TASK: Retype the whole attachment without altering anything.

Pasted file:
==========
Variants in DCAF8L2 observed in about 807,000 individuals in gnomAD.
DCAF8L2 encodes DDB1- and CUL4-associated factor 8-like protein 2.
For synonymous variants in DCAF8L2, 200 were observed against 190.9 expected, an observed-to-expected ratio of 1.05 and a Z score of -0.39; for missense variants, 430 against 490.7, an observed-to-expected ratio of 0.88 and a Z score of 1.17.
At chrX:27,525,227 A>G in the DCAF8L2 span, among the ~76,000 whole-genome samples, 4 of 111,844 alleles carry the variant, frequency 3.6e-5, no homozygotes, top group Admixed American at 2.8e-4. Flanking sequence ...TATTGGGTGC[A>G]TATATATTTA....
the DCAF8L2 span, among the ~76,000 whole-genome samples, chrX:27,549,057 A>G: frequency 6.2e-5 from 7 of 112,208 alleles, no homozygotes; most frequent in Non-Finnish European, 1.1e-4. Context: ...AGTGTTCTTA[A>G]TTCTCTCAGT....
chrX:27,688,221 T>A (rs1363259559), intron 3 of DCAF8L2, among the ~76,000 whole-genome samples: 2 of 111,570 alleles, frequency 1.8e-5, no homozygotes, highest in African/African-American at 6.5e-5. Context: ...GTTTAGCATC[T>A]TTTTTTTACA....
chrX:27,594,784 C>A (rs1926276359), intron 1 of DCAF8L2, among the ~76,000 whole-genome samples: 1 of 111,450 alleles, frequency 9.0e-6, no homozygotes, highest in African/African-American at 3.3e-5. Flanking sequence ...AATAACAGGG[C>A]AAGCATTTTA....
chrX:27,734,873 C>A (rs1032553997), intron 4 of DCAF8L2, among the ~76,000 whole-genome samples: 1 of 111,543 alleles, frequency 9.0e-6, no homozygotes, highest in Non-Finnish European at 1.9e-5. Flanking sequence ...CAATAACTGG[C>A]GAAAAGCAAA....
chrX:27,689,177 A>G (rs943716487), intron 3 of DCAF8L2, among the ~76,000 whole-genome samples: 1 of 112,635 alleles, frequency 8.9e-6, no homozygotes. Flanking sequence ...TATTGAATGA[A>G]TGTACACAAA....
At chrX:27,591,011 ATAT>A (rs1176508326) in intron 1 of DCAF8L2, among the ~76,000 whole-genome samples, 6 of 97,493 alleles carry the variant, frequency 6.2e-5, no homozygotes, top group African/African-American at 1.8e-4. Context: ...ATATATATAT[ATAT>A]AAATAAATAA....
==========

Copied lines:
Variants in DCAF8L2 observed in about 807,000 individuals in gnomAD.
DCAF8L2 encodes DDB1- and CUL4-associated factor 8-like protein 2.
For synonymous variants in DCAF8L2, 200 were observed against 190.9 expected, an observed-to-expected ratio of 1.05 and a Z score of -0.39; for missense variants, 430 against 490.7, an observed-to-expected ratio of 0.88 and a Z score of 1.17.
At chrX:27,525,227 A>G in the DCAF8L2 span, among the ~76,000 whole-genome samples, 4 of 111,844 alleles carry the variant, frequency 3.6e-5, no homozygotes, top group Admixed American at 2.8e-4. Flanking sequence ...TATTGGGTGC[A>G]TATATATTTA....
the DCAF8L2 span, among the ~76,000 whole-genome samples, chrX:27,549,057 A>G: frequency 6.2e-5 from 7 of 112,208 alleles, no homozygotes; most frequent in Non-Finnish European, 1.1e-4. Context: ...AGTGTTCTTA[A>G]TTCTCTCAGT....
chrX:27,688,221 T>A (rs1363259559), intron 3 of DCAF8L2, among the ~76,000 whole-genome samples: 2 of 111,570 alleles, frequency 1.8e-5, no homozygotes, highest in African/African-American at 6.5e-5. Context: ...GTTTAGCATC[T>A]TTTTTTTACA....
chrX:27,594,784 C>A (rs1926276359), intron 1 of DCAF8L2, among the ~76,000 whole-genome samples: 1 of 111,450 alleles, frequency 9.0e-6, no homozygotes, highest in African/African-American at 3.3e-5. Flanking sequence ...AATAACAGGG[C>A]AAGCATTTTA....
chrX:27,734,873 C>A (rs1032553997), intron 4 of DCAF8L2, among the ~76,000 whole-genome samples: 1 of 111,543 alleles, frequency 9.0e-6, no homozygotes, highest in Non-Finnish European at 1.9e-5. Flanking sequence ...CAATAACTGG[C>A]GAAAAGCAAA....
chrX:27,689,177 A>G (rs943716487), intron 3 of DCAF8L2, among the ~76,000 whole-genome samples: 1 of 112,635 alleles, frequency 8.9e-6, no homozygotes. Flanking sequence ...TATTGAATGA[A>G]TGTACACAAA....
At chrX:27,591,011 ATAT>A (rs1176508326) in intron 1 of DCAF8L2, among the ~76,000 whole-genome samples, 6 of 97,493 alleles carry the variant, frequency 6.2e-5, no homozygotes, top group African/African-American at 1.8e-4. Context: ...ATATATATAT[ATAT>A]AAATAAATAA....